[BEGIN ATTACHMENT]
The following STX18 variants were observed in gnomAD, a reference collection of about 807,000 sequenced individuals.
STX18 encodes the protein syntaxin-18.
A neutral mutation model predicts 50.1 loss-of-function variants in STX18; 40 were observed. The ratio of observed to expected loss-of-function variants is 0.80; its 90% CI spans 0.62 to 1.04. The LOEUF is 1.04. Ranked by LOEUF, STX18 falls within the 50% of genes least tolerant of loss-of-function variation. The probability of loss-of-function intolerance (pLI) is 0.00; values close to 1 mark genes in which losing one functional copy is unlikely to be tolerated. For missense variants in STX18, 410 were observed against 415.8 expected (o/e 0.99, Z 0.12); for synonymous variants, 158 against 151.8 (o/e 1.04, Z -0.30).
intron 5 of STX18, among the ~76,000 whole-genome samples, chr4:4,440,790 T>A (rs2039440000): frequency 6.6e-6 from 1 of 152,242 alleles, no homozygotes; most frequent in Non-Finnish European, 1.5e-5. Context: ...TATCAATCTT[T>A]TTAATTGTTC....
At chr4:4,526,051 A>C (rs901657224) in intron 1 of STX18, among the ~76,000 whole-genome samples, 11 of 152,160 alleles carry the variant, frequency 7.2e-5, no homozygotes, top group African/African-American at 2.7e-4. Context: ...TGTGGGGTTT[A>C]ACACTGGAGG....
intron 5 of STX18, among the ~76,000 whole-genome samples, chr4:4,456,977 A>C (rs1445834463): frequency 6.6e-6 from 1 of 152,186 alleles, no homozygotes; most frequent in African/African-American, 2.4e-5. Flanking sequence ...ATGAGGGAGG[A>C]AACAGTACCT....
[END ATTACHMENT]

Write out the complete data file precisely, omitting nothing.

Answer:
The following STX18 variants were observed in gnomAD, a reference collection of about 807,000 sequenced individuals.
STX18 encodes the protein syntaxin-18.
A neutral mutation model predicts 50.1 loss-of-function variants in STX18; 40 were observed. The ratio of observed to expected loss-of-function variants is 0.80; its 90% CI spans 0.62 to 1.04. The LOEUF is 1.04. Ranked by LOEUF, STX18 falls within the 50% of genes least tolerant of loss-of-function variation. The probability of loss-of-function intolerance (pLI) is 0.00; values close to 1 mark genes in which losing one functional copy is unlikely to be tolerated. For missense variants in STX18, 410 were observed against 415.8 expected (o/e 0.99, Z 0.12); for synonymous variants, 158 against 151.8 (o/e 1.04, Z -0.30).
intron 5 of STX18, among the ~76,000 whole-genome samples, chr4:4,440,790 T>A (rs2039440000): frequency 6.6e-6 from 1 of 152,242 alleles, no homozygotes; most frequent in Non-Finnish European, 1.5e-5. Context: ...TATCAATCTT[T>A]TTAATTGTTC....
At chr4:4,526,051 A>C (rs901657224) in intron 1 of STX18, among the ~76,000 whole-genome samples, 11 of 152,160 alleles carry the variant, frequency 7.2e-5, no homozygotes, top group African/African-American at 2.7e-4. Context: ...TGTGGGGTTT[A>C]ACACTGGAGG....
intron 5 of STX18, among the ~76,000 whole-genome samples, chr4:4,456,977 A>C (rs1445834463): frequency 6.6e-6 from 1 of 152,186 alleles, no homozygotes; most frequent in African/African-American, 2.4e-5. Flanking sequence ...ATGAGGGAGG[A>C]AACAGTACCT....